Tony Blair warned fellow European leaders today that he would only be prepared to discuss Britain's rebate as part of a radical rethink of the EU's finances – including scrapping massive subsidies for farmers.
And the Prime Minister said the "no" votes in France and Holland on the proposed EU Constitution showed voters believed the EU had not paid enough attention to their concerns.
Mr Blair delivered his blunt warning after talks with Russian president Vladimir Putin at his private dacha outside Moscow, and ahead of talks in Berlin later tonight with German Chancellor Gerhard Schroeder and with French President Jacques Chirac in Paris tomorrow.
Mr Blair said he would be "diplomatic but firm" with his fellow leaders in the run–up to a crunch European summit in Brussels at the end of the week.
The Prime Minister won broad backing from Russia for his twin G8 objectives of tackling climate change and boosting aid to Africa.
On his talks in Berlin and Paris, Mr Blair said: "I will be, as is my way, diplomatic but firm.
"The context for this discussion is one in which two countries have now voted against the European constitution. Why? Because people in Europe did not feel that sufficient attention was being paid to their concerns about Europe and its future.
"When we come to debate the future financing of the European Union, let us bear that in mind.
"We can't discuss the British rebate unless we discuss the whole of the financing of the EU, including that 40% of the budget goes on agriculture which employs only 5% of the people."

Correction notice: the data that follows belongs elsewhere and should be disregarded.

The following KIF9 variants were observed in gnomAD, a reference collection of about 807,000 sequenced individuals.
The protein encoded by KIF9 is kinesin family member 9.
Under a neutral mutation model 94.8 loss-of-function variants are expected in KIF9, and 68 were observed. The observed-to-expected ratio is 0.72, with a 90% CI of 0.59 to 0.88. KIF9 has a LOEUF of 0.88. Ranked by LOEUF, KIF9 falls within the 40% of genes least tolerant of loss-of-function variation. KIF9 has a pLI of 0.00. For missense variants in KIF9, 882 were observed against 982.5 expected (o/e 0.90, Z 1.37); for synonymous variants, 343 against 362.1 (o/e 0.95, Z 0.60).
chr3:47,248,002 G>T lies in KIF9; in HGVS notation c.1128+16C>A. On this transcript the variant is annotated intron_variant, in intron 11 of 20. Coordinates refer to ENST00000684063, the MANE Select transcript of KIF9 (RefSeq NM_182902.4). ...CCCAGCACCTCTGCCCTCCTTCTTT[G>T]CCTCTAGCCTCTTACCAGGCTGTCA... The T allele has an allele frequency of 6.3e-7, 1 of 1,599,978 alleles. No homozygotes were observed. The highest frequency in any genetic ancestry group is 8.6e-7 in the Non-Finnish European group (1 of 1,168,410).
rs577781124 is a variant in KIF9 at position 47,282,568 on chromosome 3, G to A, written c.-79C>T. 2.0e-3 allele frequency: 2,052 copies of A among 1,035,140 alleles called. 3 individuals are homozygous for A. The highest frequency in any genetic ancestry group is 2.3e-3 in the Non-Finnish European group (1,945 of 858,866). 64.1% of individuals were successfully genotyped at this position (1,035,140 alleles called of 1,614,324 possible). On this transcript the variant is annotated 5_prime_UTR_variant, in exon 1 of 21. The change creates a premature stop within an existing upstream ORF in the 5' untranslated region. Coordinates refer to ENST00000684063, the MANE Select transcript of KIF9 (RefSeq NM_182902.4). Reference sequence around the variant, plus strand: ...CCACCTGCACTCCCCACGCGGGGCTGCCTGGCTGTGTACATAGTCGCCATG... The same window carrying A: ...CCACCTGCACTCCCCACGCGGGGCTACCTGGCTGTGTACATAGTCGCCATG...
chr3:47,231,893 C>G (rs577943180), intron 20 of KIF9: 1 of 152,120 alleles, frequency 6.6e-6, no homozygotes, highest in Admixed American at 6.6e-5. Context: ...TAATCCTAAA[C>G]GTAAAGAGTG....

He asked whether a budget formulated in that way was the answer to Europe's problems in the 21st century and added: "I don't think that it is."
Mr Blair went on: "We are happy to have this discussion but it's got to be on a realistic basis and it cannot be on a basis that ignores the unfairness that gave rise to the British rebate."
He said there had to be changes "in particular to the agriculture policy and the amount of the budget it takes up every year".
At his joint press conference with Mr Putin, Mr Blair also gave a public explanation for his absence from the Russian commemoration on May 9 of the end of the Second World War – to which he sent his deputy John Prescott.
Mr Blair said: "For reasons that you appreciate, because the commemoration took place on May 9 shortly after the British election and I was preoccupied with deciding the new government, I was unable to attend that commemoration.
"But I would like to take this opportunity of paying my tribute to the courage and heroism and dedication of the Russian people and the Russian armed forces in the way that they resisted fascism and Nazism and therefore helped ensure that our generation lives in freedom.
"The co–operation between Britain and this country during the course of the Second World War was one of the main elements in bringing about the victory of the Allied Forces."
On his G8 objectives – the formal reasons for his visit to Russia, Germany and France – Mr Blair said he was optimistic about the progress made so far.
Mr Blair said there had been "a very broad measure of agreement" on the Gleneagles agenda although he warned there was still "hard negotiating" to come.
Mr Putin said: "We fully support the ideas put forward by the UK regarding the agenda of the upcoming meeting at Gleneagles."
Mr Blair added: "I think there's a real prospect of progress on Africa and on climate change. There's obviously still a lot of hard negotiating to do."
Mr Putin, who takes over the presidency of the G8 next year, said he wanted to bring to the world's attention the plight of states such as Kurdistan and Moldova, which were not officially recognised as heavily indebted poor countries.Reuse content